A B Sir Gawain and the Green Knight as epic poetry Review: Characteristics of the Epic Hero 1. He is a model of faith, loyalty, or bravery 2. who makes a long, difficult journey 3. to do battle on behalf of another 4. perhaps using his own superhuman talents 5. against an enemy who may himself have or be guarded by supernatural powers.

Sir Gawain and the Green Knight as epic poetry, cont. Review: Characteristics of the Epic Poem 1. An epic poem is a long, highlystylized narrative poem 2. that recounts the exploits of its main character the epic hero. 3. Because most epic poetry originated as sung or spoken verse, it is rigidly metered and rhymed. Journey = Quest In medieval poetry, the epic heros journey to battle (like Beowulfs to Dane-land) becomes a quest.

A quest is an adventurous expedition in search of something spiritually fulfilling or self-enhancing. Gold spurs? Immediately upon reading/hearing these lines about the Green Knight who has burst into Arthurs Christmas festivities, the audience would know that he was a guy not to be

messed with: He was got up in green from head to heel: a tunic worn tight, tucked to his ribs; and a rich cloak cast over it, covered inside with a fine fur lining, fitted and sewn with ermine trim that stood out in contrast from his hair where his hood lay folded flat; and handsome hose of the same green hue which clung to his calves, with clustered spurs of bright gold; (ll. 151-55) Why the Green Knight?

In medieval England, the Green Man was a pagan representation of nature. The Green Man was not Satanic, but did symbolize the nature worship that characterized pre-Christian tribal paganism. The Green Man is not evil, but is also not Christian a battle between any of Arthurs knights and any creature reminiscent of Britains pagan past is, by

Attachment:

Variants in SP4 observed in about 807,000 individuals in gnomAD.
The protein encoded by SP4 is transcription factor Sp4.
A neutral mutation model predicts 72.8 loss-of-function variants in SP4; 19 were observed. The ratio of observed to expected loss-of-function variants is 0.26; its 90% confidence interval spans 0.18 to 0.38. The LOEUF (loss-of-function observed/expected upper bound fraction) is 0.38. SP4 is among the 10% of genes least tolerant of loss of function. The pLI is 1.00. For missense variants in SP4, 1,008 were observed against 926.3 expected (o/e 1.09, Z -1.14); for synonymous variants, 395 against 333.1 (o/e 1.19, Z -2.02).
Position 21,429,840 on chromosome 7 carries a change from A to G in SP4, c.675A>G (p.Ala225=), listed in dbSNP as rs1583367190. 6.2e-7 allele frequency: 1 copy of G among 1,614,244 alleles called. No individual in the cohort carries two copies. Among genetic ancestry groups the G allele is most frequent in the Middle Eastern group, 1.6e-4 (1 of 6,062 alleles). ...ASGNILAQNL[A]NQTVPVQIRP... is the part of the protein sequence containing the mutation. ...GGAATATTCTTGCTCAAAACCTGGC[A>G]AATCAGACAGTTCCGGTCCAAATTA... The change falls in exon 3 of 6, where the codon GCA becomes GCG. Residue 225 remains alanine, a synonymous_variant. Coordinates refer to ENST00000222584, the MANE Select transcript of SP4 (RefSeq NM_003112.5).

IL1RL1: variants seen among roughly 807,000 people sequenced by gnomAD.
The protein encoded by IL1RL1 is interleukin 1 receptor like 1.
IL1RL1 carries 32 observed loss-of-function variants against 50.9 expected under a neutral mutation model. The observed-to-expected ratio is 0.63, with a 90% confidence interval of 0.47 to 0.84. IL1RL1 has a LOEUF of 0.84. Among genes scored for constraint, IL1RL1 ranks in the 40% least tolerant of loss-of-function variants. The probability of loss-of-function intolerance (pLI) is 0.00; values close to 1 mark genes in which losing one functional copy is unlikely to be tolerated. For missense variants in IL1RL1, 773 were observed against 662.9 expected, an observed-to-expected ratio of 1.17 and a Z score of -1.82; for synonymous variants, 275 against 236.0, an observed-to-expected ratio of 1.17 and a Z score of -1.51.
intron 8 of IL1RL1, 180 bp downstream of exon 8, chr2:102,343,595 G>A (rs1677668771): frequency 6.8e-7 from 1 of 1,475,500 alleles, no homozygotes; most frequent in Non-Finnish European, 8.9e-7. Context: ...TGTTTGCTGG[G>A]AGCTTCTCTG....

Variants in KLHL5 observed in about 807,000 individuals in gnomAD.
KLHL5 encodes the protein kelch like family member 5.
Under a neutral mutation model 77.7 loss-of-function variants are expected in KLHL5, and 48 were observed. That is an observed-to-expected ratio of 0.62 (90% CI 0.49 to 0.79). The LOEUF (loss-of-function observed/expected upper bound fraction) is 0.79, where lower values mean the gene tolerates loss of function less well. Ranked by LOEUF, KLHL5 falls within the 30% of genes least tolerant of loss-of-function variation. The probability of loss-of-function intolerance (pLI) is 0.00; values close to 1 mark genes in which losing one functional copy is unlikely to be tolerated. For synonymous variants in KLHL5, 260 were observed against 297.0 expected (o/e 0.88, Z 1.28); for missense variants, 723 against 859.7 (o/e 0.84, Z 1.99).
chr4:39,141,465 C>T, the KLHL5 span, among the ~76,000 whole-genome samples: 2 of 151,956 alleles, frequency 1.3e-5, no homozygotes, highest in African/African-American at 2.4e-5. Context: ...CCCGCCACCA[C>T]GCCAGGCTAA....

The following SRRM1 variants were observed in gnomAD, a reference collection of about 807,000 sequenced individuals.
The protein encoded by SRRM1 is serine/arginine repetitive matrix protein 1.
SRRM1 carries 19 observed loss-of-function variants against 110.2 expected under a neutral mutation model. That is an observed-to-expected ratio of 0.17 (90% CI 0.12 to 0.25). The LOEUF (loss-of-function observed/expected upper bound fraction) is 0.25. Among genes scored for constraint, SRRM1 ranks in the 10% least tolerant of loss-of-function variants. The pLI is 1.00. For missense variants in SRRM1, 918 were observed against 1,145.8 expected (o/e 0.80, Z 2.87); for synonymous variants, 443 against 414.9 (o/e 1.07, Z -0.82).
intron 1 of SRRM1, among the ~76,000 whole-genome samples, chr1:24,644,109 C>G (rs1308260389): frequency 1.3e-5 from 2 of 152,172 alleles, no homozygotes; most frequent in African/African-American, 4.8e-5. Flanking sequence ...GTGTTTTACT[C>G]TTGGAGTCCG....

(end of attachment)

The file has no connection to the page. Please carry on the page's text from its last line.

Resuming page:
extension, a battle between good and evil or between the Christian piety of Arthurs knights and their tribal, non-Christian predecessors. Gawains Shield In the poem, Gawains shield is very clearly described as a golden pentangle on a field of red. The pentangle, the poem goes on to tell us, represents Gawains Five

Fifths. The pentangle is also called the endless knot. In medieval symbology, red signifies humility as the blood of Christ Gold signifies perfection. from: http://faculty.uca.edu/~jona/second/ggknotes.htm#id008 1 Gawain was said to possess five

qualities one for each of the pentangles points wherein he far excelled all other knights. The first of these Five Fifths was his faultlessness in his five senses. from: http://faculty.uca.edu/~jona/second/ggknotes.htm#id008 2 Gawain was said to possess five qualities wherein